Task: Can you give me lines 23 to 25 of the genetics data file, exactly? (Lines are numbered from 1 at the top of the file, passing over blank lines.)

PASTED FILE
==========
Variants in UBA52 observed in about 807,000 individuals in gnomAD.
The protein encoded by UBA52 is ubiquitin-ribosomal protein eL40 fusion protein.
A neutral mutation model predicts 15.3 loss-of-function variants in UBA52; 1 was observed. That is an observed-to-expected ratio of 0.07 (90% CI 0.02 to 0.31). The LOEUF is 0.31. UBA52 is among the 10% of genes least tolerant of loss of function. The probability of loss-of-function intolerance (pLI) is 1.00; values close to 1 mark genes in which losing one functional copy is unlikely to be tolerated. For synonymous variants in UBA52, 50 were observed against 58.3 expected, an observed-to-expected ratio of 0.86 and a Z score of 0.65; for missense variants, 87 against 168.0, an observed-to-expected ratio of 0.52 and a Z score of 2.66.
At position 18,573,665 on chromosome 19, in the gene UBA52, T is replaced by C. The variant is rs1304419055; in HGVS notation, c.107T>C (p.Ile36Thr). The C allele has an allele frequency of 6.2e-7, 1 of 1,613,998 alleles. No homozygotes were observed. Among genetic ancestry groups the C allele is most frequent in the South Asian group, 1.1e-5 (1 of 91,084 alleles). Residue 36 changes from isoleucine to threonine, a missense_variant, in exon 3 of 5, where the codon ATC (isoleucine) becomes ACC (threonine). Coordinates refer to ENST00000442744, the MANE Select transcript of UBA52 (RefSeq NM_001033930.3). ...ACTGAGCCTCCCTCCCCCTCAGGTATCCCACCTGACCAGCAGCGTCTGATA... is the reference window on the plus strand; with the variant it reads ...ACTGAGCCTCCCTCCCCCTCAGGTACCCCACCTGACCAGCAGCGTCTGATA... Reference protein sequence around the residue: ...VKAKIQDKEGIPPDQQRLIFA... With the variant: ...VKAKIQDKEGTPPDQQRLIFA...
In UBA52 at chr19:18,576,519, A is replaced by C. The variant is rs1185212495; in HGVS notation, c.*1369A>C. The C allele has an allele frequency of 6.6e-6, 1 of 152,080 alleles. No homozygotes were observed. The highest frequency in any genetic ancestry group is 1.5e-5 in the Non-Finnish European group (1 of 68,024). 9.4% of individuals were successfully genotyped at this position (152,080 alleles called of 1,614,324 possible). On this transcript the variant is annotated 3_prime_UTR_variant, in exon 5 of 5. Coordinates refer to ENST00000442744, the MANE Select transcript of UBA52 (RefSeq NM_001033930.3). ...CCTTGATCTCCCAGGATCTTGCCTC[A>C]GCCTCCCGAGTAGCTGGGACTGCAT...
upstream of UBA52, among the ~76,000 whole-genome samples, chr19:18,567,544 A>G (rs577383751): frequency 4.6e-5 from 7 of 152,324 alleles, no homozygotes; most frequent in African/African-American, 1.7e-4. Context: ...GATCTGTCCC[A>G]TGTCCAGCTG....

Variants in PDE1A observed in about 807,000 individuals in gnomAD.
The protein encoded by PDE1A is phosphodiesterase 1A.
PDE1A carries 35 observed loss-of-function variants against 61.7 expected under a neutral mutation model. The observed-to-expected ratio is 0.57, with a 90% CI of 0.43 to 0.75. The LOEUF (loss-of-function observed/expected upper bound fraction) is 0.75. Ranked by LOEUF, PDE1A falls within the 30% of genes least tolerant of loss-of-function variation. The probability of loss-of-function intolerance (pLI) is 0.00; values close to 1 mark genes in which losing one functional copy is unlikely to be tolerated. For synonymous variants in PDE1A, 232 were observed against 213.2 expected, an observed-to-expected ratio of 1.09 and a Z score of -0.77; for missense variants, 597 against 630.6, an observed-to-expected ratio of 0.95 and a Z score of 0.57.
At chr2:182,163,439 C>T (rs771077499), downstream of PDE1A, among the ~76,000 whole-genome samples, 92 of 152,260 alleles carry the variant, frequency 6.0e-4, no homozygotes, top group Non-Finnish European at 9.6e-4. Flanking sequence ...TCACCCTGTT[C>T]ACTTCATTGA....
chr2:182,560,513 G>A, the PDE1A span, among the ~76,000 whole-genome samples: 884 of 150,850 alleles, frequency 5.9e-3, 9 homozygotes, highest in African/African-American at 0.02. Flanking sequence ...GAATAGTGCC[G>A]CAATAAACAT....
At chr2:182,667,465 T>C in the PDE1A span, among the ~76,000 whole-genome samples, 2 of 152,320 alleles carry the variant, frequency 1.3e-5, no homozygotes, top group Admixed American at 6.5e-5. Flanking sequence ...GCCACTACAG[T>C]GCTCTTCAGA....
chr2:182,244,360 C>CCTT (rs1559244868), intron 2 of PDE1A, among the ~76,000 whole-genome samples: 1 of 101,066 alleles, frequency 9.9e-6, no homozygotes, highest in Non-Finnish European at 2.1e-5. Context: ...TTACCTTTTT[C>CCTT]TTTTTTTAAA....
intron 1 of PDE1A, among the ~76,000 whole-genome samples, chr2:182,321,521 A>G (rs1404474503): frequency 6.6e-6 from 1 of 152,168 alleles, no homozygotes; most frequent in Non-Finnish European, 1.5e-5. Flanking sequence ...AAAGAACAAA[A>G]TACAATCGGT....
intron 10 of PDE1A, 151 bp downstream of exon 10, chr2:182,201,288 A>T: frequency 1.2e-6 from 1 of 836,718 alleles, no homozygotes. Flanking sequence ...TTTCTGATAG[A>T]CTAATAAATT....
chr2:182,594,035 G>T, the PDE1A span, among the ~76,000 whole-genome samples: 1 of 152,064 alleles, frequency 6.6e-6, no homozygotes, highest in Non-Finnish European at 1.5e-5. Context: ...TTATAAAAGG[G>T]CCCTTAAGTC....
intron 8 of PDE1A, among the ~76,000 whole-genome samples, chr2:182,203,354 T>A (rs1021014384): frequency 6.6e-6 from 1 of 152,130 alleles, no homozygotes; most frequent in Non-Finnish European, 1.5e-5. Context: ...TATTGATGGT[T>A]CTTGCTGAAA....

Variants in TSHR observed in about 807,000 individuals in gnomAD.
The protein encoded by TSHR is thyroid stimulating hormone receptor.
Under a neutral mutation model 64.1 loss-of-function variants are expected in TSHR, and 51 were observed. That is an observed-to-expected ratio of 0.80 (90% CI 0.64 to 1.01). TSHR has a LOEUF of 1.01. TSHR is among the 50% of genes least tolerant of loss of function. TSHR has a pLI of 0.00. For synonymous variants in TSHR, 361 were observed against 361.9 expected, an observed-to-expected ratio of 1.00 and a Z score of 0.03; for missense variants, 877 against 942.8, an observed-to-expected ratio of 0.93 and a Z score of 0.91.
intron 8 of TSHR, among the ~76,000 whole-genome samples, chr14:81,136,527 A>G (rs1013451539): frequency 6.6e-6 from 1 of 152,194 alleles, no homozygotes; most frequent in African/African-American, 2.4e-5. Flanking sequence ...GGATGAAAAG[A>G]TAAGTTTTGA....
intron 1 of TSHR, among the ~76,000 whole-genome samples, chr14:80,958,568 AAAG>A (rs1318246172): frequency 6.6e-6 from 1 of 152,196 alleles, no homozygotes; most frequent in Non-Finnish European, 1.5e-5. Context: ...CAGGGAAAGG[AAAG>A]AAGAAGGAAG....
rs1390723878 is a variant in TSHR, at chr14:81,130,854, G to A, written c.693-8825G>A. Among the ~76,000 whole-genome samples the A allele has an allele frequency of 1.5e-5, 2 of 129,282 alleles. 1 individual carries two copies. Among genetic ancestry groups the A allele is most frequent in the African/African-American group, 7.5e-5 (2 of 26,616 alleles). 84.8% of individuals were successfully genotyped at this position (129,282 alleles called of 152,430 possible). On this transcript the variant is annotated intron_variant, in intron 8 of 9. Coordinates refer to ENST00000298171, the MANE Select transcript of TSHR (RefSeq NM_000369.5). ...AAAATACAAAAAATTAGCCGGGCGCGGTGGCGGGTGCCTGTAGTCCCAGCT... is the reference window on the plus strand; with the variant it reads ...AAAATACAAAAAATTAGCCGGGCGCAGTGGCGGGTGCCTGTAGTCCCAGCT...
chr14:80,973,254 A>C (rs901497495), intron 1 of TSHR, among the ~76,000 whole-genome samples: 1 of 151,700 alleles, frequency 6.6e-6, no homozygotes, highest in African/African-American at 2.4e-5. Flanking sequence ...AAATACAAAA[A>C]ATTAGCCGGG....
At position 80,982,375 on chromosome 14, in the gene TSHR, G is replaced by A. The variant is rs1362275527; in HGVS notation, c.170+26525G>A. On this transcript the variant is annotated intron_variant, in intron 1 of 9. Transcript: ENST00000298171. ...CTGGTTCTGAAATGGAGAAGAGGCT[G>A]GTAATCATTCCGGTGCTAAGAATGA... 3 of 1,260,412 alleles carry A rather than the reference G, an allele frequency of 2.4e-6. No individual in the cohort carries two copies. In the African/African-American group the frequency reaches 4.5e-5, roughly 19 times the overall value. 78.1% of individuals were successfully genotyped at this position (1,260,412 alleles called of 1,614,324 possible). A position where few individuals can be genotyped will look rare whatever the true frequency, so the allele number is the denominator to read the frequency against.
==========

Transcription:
rs1390723878 is a variant in TSHR, at chr14:81,130,854, G to A, written c.693-8825G>A. Among the ~76,000 whole-genome samples the A allele has an allele frequency of 1.5e-5, 2 of 129,282 alleles. 1 individual carries two copies. Among genetic ancestry groups the A allele is most frequent in the African/African-American group, 7.5e-5 (2 of 26,616 alleles). 84.8% of individuals were successfully genotyped at this position (129,282 alleles called of 152,430 possible). On this transcript the variant is annotated intron_variant, in intron 8 of 9. Coordinates refer to ENST00000298171, the MANE Select transcript of TSHR (RefSeq NM_000369.5). ...AAAATACAAAAAATTAGCCGGGCGCGGTGGCGGGTGCCTGTAGTCCCAGCT... is the reference window on the plus strand; with the variant it reads ...AAAATACAAAAAATTAGCCGGGCGCAGTGGCGGGTGCCTGTAGTCCCAGCT...
chr14:80,973,254 A>C (rs901497495), intron 1 of TSHR, among the ~76,000 whole-genome samples: 1 of 151,700 alleles, frequency 6.6e-6, no homozygotes, highest in African/African-American at 2.4e-5. Flanking sequence ...AAATACAAAA[A>C]ATTAGCCGGG....
At position 80,982,375 on chromosome 14, in the gene TSHR, G is replaced by A. The variant is rs1362275527; in HGVS notation, c.170+26525G>A. On this transcript the variant is annotated intron_variant, in intron 1 of 9. Transcript: ENST00000298171. ...CTGGTTCTGAAATGGAGAAGAGGCT[G>A]GTAATCATTCCGGTGCTAAGAATGA... 3 of 1,260,412 alleles carry A rather than the reference G, an allele frequency of 2.4e-6. No individual in the cohort carries two copies. In the African/African-American group the frequency reaches 4.5e-5, roughly 19 times the overall value. 78.1% of individuals were successfully genotyped at this position (1,260,412 alleles called of 1,614,324 possible). A position where few individuals can be genotyped will look rare whatever the true frequency, so the allele number is the denominator to read the frequency against.